The New York Post reported this week that the marketing firm responsible for Bud Light’s disastrous partnership with transgender “influencer” Dylan Mulvaney went into “serious panic mode” after customers rebelled against the brand.
Captiv8, a firm based in San Mateo, California, works to pair major consumer brands with various social media influencers. In this capacity, it was Captiv8 that brokered the deal between Mulvaney and Bud Light.
A source close to the matter told the Post that the pairing was such a disaster, it has “become a textbook case of marketing gone wrong.”
The source said the initial blowback which began in early April caused confusion and anxiety within the firm, with employees worrying that the firm may get dragged into the controversy as well.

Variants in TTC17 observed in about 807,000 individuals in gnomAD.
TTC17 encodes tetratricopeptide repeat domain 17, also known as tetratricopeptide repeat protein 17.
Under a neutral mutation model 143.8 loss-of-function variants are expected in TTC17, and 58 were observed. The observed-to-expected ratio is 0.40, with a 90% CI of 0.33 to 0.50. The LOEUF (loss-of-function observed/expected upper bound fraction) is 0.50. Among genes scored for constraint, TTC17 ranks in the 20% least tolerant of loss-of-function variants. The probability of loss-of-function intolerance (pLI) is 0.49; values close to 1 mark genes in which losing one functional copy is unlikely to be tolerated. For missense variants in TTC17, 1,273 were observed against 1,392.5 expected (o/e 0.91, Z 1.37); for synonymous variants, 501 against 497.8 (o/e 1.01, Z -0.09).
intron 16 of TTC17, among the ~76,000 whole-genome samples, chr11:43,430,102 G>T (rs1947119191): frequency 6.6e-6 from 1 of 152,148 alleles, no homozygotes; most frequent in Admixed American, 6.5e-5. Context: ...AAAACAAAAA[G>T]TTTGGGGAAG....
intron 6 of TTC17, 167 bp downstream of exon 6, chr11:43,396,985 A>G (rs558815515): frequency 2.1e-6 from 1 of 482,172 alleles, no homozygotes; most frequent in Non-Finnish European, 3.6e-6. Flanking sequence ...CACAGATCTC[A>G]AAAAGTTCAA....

The Post could not confirm if Captiv8 was also behind the move to place Mulvaney’s dolled-up face on Bud Light cans or if it played a direct role in the creation of Mulvaney’s TikTok video promoting Bud Light.
Captiv8 was founded in 2015 and since that time, has worked with American Express, KraftHeinz, Twitter, and Walmart.
The marketing firm boasts a database of over 1 million social media influencers that it can pair with corporate brands.
Its co-founder is Silicon Valley investor Krishna Subramanian. In 2007, Subramanian sold BlueLithium to Yahoo for $300 million. Since founding Captiv8, he has become a go-to “expert” on “influencer” marketing.
On Tuesday, the New York Post reported that Bud Light sales plummetted 23.9 percent during the week ending on May 27, a slight improvement over the previous week when sales dropped 25.7 percent.
Consultant Bump Williams told the Post that the slight improvement in Bud Light’s sales slump could indicate that “the bottom has been hit” and sales might begin turning around.
Experts suspect that Anheuser-Busch offering a $15 rebate on 18-packs before the Memorial Day weekend may have been the reason sales boosted that week.